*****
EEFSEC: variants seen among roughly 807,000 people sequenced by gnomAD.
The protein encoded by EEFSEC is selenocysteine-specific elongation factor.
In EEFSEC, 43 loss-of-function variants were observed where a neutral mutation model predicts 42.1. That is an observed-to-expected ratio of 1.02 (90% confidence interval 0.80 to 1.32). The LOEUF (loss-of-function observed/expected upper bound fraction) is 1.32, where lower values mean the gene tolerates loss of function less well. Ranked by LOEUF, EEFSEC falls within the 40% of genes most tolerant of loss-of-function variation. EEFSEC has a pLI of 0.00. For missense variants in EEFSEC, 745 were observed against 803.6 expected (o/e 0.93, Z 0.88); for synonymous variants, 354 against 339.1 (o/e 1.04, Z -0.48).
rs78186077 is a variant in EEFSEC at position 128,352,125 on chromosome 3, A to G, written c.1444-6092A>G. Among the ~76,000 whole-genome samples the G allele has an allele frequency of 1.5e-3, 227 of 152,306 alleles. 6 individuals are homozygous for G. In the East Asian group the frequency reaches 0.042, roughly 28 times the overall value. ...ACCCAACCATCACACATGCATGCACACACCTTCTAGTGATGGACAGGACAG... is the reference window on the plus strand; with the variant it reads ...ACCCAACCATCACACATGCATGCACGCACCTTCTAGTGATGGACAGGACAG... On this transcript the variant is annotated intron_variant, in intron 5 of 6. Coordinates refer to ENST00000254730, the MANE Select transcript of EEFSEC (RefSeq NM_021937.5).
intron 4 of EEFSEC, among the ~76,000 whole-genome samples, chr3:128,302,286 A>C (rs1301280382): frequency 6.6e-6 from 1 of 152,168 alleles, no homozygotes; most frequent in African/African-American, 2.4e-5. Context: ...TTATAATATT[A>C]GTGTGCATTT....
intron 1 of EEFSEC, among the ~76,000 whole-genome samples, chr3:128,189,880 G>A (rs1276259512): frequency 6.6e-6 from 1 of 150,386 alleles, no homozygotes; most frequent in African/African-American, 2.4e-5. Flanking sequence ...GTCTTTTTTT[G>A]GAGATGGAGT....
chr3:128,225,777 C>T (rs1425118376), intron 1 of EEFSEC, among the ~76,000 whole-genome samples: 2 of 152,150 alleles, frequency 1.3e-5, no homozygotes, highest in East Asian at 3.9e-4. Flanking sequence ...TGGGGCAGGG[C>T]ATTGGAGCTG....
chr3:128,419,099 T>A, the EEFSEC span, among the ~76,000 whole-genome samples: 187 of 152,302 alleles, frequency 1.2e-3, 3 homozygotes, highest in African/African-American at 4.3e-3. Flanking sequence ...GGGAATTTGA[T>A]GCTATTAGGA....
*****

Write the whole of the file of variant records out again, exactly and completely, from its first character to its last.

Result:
EEFSEC: variants seen among roughly 807,000 people sequenced by gnomAD.
The protein encoded by EEFSEC is selenocysteine-specific elongation factor.
In EEFSEC, 43 loss-of-function variants were observed where a neutral mutation model predicts 42.1. That is an observed-to-expected ratio of 1.02 (90% confidence interval 0.80 to 1.32). The LOEUF (loss-of-function observed/expected upper bound fraction) is 1.32, where lower values mean the gene tolerates loss of function less well. Ranked by LOEUF, EEFSEC falls within the 40% of genes most tolerant of loss-of-function variation. EEFSEC has a pLI of 0.00. For missense variants in EEFSEC, 745 were observed against 803.6 expected (o/e 0.93, Z 0.88); for synonymous variants, 354 against 339.1 (o/e 1.04, Z -0.48).
rs78186077 is a variant in EEFSEC at position 128,352,125 on chromosome 3, A to G, written c.1444-6092A>G. Among the ~76,000 whole-genome samples the G allele has an allele frequency of 1.5e-3, 227 of 152,306 alleles. 6 individuals are homozygous for G. In the East Asian group the frequency reaches 0.042, roughly 28 times the overall value. ...ACCCAACCATCACACATGCATGCACACACCTTCTAGTGATGGACAGGACAG... is the reference window on the plus strand; with the variant it reads ...ACCCAACCATCACACATGCATGCACGCACCTTCTAGTGATGGACAGGACAG... On this transcript the variant is annotated intron_variant, in intron 5 of 6. Coordinates refer to ENST00000254730, the MANE Select transcript of EEFSEC (RefSeq NM_021937.5).
intron 4 of EEFSEC, among the ~76,000 whole-genome samples, chr3:128,302,286 A>C (rs1301280382): frequency 6.6e-6 from 1 of 152,168 alleles, no homozygotes; most frequent in African/African-American, 2.4e-5. Context: ...TTATAATATT[A>C]GTGTGCATTT....
intron 1 of EEFSEC, among the ~76,000 whole-genome samples, chr3:128,189,880 G>A (rs1276259512): frequency 6.6e-6 from 1 of 150,386 alleles, no homozygotes; most frequent in African/African-American, 2.4e-5. Flanking sequence ...GTCTTTTTTT[G>A]GAGATGGAGT....
chr3:128,225,777 C>T (rs1425118376), intron 1 of EEFSEC, among the ~76,000 whole-genome samples: 2 of 152,150 alleles, frequency 1.3e-5, no homozygotes, highest in East Asian at 3.9e-4. Flanking sequence ...TGGGGCAGGG[C>T]ATTGGAGCTG....
chr3:128,419,099 T>A, the EEFSEC span, among the ~76,000 whole-genome samples: 187 of 152,302 alleles, frequency 1.2e-3, 3 homozygotes, highest in African/African-American at 4.3e-3. Flanking sequence ...GGGAATTTGA[T>A]GCTATTAGGA....